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Touchscreens in Winter

See the above picture? That's what happens when my father casually mentions that he's got more touchscreen devices in his office. Expecting him to pull a couple of phones and maybe a tablet out of his bag, I certainly wasn't expecting to be confronted with a handful of some of the latest touchscreen portable computers.



Obviously, I couldn't miss out on this photographic opportunity, so I grabbed the Medfield tablet out of  my room and lined up all of the machines for this one photo. From left to right, we've got the Medfield developer tablet (Android-based), the Samsung Series 7 Slate (running Windows 8 now), a Fujitsu convertible slate (U920p) and lastly an Intel-branded reference Ultrabook. (The latter two also running Windows 8, naturally.)

What are my thoughts about the above machines? Well... the Fujitsu tablet I got a chance to poke at a couple of months ago, and the Series 7 Slate before that. The reference Ultrabook was a bit of an oddball, as its accelerometer appeared to be malfunctioning and, as a result, the Windows 8 interface only displayed at a 90-degree angle to right-side. I also noticed what appeared to be a high-powered LED next to the webcam, though I never even attempted to test it. Despite a rather impressive set of specs including a quad-core Core i7 CPU, I found the keyboard throw to be rather shallow and therefore didn't bother playing with that machine very much.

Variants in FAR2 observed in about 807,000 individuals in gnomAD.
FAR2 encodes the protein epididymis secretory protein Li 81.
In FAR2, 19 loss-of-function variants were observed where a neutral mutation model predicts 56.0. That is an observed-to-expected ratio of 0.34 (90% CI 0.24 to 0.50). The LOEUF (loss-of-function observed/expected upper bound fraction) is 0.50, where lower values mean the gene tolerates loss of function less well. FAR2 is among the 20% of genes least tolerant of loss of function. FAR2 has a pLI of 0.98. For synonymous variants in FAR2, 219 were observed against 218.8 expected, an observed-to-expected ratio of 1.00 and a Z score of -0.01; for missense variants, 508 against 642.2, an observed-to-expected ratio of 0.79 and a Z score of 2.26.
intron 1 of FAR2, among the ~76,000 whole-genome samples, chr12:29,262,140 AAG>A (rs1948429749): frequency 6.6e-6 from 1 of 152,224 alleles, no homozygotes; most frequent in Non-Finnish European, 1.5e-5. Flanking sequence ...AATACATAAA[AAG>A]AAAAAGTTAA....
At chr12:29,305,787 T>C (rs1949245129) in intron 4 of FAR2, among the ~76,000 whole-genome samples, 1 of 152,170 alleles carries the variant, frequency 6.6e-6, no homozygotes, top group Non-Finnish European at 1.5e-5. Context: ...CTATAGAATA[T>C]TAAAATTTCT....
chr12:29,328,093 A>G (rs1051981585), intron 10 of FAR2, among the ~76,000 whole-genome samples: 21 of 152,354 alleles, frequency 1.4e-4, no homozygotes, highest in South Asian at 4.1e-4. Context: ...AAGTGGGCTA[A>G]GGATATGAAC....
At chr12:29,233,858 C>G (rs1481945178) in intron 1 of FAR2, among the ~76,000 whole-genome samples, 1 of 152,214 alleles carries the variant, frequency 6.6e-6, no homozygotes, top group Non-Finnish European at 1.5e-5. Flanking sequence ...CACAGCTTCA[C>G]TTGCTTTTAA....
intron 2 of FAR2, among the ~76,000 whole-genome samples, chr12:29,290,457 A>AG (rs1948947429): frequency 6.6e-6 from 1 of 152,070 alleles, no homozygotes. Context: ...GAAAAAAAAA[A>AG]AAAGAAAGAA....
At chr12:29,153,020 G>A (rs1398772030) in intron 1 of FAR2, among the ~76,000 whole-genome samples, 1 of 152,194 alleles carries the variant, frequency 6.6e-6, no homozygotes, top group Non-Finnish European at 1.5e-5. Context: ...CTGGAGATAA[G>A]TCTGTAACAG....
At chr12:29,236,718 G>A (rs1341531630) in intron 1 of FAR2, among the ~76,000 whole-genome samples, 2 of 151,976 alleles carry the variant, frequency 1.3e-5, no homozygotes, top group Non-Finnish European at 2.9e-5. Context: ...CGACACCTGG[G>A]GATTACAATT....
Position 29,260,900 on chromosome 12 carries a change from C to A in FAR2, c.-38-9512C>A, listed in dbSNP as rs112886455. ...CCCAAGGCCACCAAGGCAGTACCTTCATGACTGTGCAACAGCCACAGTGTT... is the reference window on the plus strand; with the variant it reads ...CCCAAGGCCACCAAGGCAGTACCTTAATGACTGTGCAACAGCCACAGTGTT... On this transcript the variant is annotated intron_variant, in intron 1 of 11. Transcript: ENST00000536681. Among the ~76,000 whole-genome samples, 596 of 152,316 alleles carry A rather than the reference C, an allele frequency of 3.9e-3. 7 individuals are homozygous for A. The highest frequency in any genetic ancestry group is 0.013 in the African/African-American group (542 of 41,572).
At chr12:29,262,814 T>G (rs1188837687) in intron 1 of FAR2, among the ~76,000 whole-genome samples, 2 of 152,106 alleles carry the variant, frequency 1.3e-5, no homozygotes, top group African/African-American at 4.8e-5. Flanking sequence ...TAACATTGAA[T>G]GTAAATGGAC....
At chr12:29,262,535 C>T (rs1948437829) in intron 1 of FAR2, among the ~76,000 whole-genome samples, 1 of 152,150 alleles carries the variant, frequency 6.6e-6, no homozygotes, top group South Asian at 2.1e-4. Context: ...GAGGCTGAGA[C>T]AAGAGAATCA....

The Fujitsu U920p, on the other hand, has a much nicer keyboard. And, as a production model, its accelerometer works exactly as it should, as well. However despite really liking its form factor at least as a visual provocation from the norm, I found myself loving and hating it at the same time. Being somewhere in the middle in terms of overall dimensions in comparison to the Series 7 Slate and the reference Ultrabook, I liked how it managed to bring a physical keyboard to battle without actually gaining a lot of extra mass. However I'm unconvinced that it was the right move, as the device doesn't really strike me as being very efficient.

While it can be used both in laptop or tablet mode without any real compromises in most circumstances, the added bulk and weight which comes with the slider mechanism and keyboard isn't really very ideal for an on-the-go lifestyle. The display also has a limited range of rotation and, despite initially scoffing at the insinuation that I would fall prey to forgetfulness, I did indeed absentmindedly attempt to close the device much as one would a laptop. Overall, the computer simply has a very exposed potential fail point and lacks both the protective features of a conventional laptop and the sturdy lightness of a slate-style tablet.

What of the Medfield-based developer tablet and the Series 7 Slate? Well, I hope to bring you a review of the former very soon and am currently toying with the idea of writing one for the latter. As the hardware was actually sold with Windows 7 installed and not Windows 8 (which I loaded onto it), it strikes me as a bit odd to write a review of it as such.

Bringing the entire family together with the inclusion of my own personal laptop (which is beginning to look a bit moring, I might add), and the above picture is what you get. It was a fun rainy afternoon spent inside playing with gadgets.

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